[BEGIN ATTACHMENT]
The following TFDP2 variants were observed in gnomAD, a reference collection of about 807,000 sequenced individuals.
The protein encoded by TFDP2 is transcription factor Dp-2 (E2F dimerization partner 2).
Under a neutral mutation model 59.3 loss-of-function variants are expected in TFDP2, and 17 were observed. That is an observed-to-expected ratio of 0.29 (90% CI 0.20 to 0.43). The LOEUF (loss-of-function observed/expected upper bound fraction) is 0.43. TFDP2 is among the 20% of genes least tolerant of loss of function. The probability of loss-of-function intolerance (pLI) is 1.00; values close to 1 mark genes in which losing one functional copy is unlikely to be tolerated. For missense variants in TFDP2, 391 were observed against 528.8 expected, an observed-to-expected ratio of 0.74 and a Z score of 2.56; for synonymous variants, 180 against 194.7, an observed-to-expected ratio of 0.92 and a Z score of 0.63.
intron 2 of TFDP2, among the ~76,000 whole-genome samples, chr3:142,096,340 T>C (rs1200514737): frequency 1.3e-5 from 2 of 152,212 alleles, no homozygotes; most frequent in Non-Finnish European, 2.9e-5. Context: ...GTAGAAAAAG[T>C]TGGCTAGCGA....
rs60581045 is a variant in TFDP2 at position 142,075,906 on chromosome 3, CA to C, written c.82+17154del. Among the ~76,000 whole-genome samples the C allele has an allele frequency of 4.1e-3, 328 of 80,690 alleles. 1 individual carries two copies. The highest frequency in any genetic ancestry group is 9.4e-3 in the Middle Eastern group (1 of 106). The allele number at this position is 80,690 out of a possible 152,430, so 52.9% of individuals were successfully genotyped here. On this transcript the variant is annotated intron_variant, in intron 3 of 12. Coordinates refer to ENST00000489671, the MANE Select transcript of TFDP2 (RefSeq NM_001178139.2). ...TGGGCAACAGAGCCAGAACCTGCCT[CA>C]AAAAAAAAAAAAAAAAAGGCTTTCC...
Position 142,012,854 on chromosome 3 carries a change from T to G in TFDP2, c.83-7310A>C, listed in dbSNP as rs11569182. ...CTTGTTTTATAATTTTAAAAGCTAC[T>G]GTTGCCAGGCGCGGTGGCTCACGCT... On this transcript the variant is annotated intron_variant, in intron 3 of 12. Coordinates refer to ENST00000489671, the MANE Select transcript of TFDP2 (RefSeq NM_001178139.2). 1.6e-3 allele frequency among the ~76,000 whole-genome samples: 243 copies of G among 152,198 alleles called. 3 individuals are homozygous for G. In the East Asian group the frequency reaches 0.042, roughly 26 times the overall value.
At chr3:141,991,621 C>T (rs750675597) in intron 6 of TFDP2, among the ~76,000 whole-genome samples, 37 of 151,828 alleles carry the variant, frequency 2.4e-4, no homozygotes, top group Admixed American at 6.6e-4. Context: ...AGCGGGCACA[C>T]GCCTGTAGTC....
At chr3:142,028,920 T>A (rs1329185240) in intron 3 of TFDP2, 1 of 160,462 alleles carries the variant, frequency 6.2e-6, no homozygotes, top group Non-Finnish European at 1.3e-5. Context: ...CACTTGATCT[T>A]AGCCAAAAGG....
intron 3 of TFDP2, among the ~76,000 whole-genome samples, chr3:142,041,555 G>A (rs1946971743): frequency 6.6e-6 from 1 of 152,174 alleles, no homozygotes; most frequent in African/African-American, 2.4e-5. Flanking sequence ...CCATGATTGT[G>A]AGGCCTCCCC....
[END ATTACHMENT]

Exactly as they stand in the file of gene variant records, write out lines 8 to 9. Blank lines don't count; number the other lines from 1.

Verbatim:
At chr3:142,028,920 T>A (rs1329185240) in intron 3 of TFDP2, 1 of 160,462 alleles carries the variant, frequency 6.2e-6, no homozygotes, top group Non-Finnish European at 1.3e-5. Context: ...CACTTGATCT[T>A]AGCCAAAAGG....
intron 3 of TFDP2, among the ~76,000 whole-genome samples, chr3:142,041,555 G>A (rs1946971743): frequency 6.6e-6 from 1 of 152,174 alleles, no homozygotes; most frequent in African/African-American, 2.4e-5. Flanking sequence ...CCATGATTGT[G>A]AGGCCTCCCC....